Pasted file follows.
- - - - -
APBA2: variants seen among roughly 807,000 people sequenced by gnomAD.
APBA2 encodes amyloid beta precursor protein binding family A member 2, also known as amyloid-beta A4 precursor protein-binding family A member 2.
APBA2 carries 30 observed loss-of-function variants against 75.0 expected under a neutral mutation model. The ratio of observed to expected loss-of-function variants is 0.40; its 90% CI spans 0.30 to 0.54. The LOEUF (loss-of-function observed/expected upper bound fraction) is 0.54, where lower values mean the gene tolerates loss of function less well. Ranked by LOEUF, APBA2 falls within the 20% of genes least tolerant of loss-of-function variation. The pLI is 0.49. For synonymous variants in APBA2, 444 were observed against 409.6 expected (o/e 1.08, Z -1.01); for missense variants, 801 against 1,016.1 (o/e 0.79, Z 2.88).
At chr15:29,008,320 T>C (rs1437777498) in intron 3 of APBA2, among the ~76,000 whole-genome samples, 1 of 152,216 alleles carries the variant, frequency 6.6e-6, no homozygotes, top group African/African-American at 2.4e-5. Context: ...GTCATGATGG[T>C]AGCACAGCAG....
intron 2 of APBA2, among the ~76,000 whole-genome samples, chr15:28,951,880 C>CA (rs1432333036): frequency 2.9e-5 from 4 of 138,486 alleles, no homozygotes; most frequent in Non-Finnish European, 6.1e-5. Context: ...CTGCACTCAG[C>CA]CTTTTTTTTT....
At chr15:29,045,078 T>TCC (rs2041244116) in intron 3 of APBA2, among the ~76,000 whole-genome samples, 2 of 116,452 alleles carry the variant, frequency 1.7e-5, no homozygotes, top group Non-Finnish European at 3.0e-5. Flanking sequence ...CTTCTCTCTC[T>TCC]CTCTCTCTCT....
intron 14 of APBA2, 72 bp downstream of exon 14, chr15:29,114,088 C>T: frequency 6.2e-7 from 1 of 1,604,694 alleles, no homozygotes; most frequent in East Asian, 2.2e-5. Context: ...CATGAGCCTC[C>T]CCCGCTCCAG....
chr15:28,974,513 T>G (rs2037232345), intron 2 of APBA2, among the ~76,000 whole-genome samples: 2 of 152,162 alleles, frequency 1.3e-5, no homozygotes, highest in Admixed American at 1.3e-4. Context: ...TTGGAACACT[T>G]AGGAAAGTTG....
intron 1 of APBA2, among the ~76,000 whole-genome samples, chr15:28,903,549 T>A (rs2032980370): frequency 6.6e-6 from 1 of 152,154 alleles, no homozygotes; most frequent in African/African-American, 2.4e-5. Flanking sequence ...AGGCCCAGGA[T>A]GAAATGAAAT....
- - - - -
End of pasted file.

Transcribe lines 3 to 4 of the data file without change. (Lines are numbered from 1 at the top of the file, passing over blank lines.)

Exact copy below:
APBA2 carries 30 observed loss-of-function variants against 75.0 expected under a neutral mutation model. The ratio of observed to expected loss-of-function variants is 0.40; its 90% CI spans 0.30 to 0.54. The LOEUF (loss-of-function observed/expected upper bound fraction) is 0.54, where lower values mean the gene tolerates loss of function less well. Ranked by LOEUF, APBA2 falls within the 20% of genes least tolerant of loss-of-function variation. The pLI is 0.49. For synonymous variants in APBA2, 444 were observed against 409.6 expected (o/e 1.08, Z -1.01); for missense variants, 801 against 1,016.1 (o/e 0.79, Z 2.88).
At chr15:29,008,320 T>C (rs1437777498) in intron 3 of APBA2, among the ~76,000 whole-genome samples, 1 of 152,216 alleles carries the variant, frequency 6.6e-6, no homozygotes, top group African/African-American at 2.4e-5. Context: ...GTCATGATGG[T>C]AGCACAGCAG....